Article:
↓ Skip to main content

Transcranial direct current stimulation (tDCS) for idiopathic Parkinson's disease

Overview of attention for article published in Cochrane database of systematic reviews, July 2016
Altmetric Badge

About this Attention Score

  • Good Attention Score compared to outputs of the same age (71st percentile)
  • Average Attention Score compared to outputs of the same age and source

Mentioned by

twitter
6 tweeters
googleplus
1 Google+ user

Citations

dimensions_citation
25 Dimensions

Readers on

mendeley
180 Mendeley
You are seeing a free-to-access but limited selection of the activity Altmetric has collected about this research output. Click here to find out more.
Title
Transcranial direct current stimulation (tDCS) for idiopathic Parkinson's disease
Published in
Cochrane database of systematic reviews, July 2016
DOI 10.1002/14651858.cd010916.pub2
Pubmed ID
Authors

Bernhard Elsner, Joachim Kugler, Marcus Pohl, Jan Mehrholz

Abstract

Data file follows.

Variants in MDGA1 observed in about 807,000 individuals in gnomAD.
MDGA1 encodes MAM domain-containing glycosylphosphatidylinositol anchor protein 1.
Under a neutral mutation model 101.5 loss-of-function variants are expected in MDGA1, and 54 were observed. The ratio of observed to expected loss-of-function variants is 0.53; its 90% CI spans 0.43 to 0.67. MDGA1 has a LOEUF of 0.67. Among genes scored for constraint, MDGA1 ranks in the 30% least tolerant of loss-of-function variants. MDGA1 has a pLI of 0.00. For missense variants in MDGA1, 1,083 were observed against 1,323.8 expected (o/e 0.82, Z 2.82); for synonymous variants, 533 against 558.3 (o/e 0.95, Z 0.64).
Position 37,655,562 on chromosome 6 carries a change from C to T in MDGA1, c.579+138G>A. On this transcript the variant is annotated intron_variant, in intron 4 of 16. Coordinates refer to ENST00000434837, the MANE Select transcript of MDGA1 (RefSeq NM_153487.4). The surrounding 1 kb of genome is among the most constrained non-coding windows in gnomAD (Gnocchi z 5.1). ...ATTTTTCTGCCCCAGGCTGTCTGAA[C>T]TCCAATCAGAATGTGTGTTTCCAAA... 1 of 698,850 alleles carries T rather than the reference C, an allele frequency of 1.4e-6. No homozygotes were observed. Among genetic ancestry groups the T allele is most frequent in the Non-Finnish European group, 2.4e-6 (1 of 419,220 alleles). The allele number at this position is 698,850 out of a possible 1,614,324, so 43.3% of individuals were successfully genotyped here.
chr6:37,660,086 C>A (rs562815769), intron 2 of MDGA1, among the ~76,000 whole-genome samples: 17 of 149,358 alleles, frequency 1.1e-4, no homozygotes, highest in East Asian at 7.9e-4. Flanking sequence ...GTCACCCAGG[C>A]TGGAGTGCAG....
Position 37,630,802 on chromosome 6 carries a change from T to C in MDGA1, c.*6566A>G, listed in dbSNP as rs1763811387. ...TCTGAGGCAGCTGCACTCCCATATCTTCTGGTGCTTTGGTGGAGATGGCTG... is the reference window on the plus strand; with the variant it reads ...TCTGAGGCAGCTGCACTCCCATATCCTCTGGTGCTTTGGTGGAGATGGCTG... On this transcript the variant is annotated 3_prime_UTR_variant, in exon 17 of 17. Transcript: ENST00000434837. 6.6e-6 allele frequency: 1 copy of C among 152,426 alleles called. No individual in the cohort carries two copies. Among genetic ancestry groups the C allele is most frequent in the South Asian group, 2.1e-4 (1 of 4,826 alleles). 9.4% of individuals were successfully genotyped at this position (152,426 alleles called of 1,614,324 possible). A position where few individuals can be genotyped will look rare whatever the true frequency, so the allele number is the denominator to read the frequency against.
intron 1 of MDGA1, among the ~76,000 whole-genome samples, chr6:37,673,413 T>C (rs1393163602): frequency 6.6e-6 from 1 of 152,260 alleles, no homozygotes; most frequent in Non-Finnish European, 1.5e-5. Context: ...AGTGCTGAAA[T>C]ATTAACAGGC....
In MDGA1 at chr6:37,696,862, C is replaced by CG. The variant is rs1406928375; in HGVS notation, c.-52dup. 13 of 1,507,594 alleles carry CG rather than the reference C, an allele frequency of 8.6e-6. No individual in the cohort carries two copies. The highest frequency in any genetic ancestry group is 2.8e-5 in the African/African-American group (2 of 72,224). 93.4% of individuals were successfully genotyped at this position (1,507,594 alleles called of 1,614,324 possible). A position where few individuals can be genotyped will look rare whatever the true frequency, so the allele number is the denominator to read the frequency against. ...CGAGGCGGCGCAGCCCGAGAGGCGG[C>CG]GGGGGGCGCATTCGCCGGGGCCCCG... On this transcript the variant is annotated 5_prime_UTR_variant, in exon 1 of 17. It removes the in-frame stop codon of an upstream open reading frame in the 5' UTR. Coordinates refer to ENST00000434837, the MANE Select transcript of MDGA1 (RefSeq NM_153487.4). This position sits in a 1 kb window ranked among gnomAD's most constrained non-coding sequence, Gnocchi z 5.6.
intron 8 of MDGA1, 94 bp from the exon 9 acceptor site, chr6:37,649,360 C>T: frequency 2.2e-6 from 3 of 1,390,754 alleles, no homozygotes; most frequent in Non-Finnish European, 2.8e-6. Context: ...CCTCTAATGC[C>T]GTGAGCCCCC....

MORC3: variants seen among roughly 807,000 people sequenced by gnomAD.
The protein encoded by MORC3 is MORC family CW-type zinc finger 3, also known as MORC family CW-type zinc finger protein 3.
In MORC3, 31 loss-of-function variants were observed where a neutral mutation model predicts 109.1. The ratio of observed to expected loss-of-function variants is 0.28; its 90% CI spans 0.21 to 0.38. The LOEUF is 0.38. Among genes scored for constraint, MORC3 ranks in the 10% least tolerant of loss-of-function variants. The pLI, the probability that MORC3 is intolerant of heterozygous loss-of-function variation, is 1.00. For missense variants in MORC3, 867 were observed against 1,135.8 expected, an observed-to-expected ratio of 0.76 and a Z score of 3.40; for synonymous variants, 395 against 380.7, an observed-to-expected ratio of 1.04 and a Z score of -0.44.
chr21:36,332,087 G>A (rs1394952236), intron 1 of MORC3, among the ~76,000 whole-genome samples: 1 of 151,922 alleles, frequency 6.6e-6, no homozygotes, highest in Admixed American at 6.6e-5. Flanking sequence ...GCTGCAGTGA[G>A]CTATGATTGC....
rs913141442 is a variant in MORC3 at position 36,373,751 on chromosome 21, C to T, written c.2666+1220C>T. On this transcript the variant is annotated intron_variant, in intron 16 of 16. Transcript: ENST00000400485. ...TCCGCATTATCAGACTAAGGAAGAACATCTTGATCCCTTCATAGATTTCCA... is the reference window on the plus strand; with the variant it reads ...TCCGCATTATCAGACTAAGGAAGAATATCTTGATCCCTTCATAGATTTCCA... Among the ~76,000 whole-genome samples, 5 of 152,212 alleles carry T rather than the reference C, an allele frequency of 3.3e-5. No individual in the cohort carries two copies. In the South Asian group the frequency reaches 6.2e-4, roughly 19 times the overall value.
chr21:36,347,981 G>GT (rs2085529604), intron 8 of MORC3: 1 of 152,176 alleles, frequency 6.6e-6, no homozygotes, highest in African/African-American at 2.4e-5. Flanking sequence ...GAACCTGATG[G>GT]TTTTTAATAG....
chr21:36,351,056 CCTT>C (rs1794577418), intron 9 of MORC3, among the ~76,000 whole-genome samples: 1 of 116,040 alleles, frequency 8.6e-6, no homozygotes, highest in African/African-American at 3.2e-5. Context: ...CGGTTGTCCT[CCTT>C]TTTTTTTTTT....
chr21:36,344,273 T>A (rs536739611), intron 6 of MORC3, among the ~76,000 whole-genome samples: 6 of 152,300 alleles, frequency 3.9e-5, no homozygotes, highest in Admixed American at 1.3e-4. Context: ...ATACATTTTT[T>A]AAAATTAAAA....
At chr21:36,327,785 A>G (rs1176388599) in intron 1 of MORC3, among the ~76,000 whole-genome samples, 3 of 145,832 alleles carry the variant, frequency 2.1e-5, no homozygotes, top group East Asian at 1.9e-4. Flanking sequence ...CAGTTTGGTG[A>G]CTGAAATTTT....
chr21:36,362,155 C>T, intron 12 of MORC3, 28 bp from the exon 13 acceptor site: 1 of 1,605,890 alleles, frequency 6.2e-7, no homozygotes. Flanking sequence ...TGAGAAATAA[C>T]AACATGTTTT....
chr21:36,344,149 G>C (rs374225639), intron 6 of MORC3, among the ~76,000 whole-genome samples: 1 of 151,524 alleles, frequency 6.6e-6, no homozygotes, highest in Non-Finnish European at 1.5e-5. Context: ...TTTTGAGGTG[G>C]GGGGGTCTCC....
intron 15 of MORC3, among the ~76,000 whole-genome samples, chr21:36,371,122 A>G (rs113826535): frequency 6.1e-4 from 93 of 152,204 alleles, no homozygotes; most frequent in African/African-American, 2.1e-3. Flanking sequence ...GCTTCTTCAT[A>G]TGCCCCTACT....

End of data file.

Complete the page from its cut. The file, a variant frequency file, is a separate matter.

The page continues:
Idiopathic Parkinson's disease (IPD) is a neurodegenerative disorder, with the severity of the disability usually increasing with disease duration. IPD affects patients' health-related quality of life, disability, and impairment. Current rehabilitation approaches have limited effectiveness in improving outcomes in patients with IPD, but a possible adjunct to rehabilitation might be non-invasive brain stimulation by transcranial direct current stimulation (tDCS) to modulate cortical excitability, and hence to improve these outcomes in IPD. To assess the effectiveness of tDCS in improving motor and non-motor symptoms in people with IPD. We searched the following databases (until February 2016): the Cochrane Central Register of Controlled Trials (CENTRAL; the Cochrane Library ; 2016 , Issue 2), MEDLINE, EMBASE, CINAHL, AMED, Science Citation Index, the Physiotherapy Evidence Database (PEDro), Rehabdata, and Inspec. In an effort to identify further published, unpublished, and ongoing trials, we searched trial registers and reference lists, handsearched conference proceedings, and contacted authors and equipment manufacturers. We included only randomised controlled trials (RCTs) and randomised controlled cross-over trials that compared tDCS versus control in patients with IPD for improving health-related quality of life , disability, and impairment. Two review authors independently assessed trial quality (JM and MP) and extracted data (BE and JM). If necessary, we contacted study authors to ask for additional information. We collected information on dropouts and adverse events from the trial reports. We included six trials with a total of 137 participants. We found two studies with 45 participants examining the effects of tDCS compared to control (sham tDCS) on our primary outcome measure, impairment, as measured by the Unified Parkinson's Disease Rating Scale (UPDRS). There was very low quality evidence for no effect of tDCS on change in global UPDRS score ( mean difference (MD) -7.10 %, 95% confidence interval (CI -19.18 to 4.97; P = 0.25, I² = 21%, random-effects model). However, there was evidence of an effect on UPDRS part III motor subsection score at the end of the intervention phase (MD -14.43%, 95% CI -24.68 to -4.18; P = 0.006, I² = 2%, random-effects model; very low quality evidence). One study with 25 participants measured the reduction in off and on time with dyskinesia, but there was no evidence of an effect (MD 0.10 hours, 95% CI -0.14 to 0.34; P = 0.41, I² = 0%, random-effects model; and MD 0.00 hours, 95% CI -0.12 to 0.12; P = 1, I² = 0%, random- effects model, respectively; very low quality evidence).Two trials with a total of 41 participants measured gait speed using measures of timed gait at the end of the intervention phase, revealing no evidence of an effect ( standardised mean difference (SMD) 0.50, 95% CI -0.17 to 1.18; P = 0.14, I² = 11%, random-effects model; very low quality evidence). Another secondary outcome was health-related quality of life and we found one study with 25 participants reporting on the physical health and mental health aspects of health-related quality of life (MD 1.00 SF-12 score, 95% CI -5.20 to 7.20; I² = 0%, inverse variance method with random-effects model; very low quality evidence; and MD 1.60 SF-12 score, 95% CI -5.08 to 8.28; I² = 0%, inverse variance method with random-effects model; very low quality evidence, respectively). We found no study examining the effects of tDCS for improving activities of daily living. In two of six studies, dropouts , adverse events, or deaths occurring during the intervention phase were reported. There was insufficient evidence that dropouts , adverse effects, or deaths were higher with intervention (risk difference (RD) 0.04, 95% CI -0.05 to 0.12; P = 0.40, I² = 0%, random-effects model; very low quality evidence).We found one trial with a total of 16 participants examining the effects of tDCS plus movement therapy compared to control (sham tDCS) plus movement therapy on our secondary outcome, gait speed at the end of the intervention phase, revealing no evidence of an effect (MD 0.05 m/s, 95% CI -0.15 to 0.25; inverse variance method with random-effects model; very low quality evidence). We found no evidence of an effect regarding differences in dropouts and adverse effects between intervention and control groups (RD 0.00, 95% CI -0.21 to 0.21; Mantel-Haenszel method with random-effects model; very low quality evidence). There is insufficient evidence to determine the effects of tDCS for reducing off time ( when the symptoms are not controlled by the medication) and on time with dyskinesia ( time that symptoms are controlled but the person still experiences involuntary muscle movements ) , and for improving health- related quality of life, disability, and impairment in patients with IPD. Evidence of very low quality indicates no difference in dropouts and adverse events between tDCS and control groups.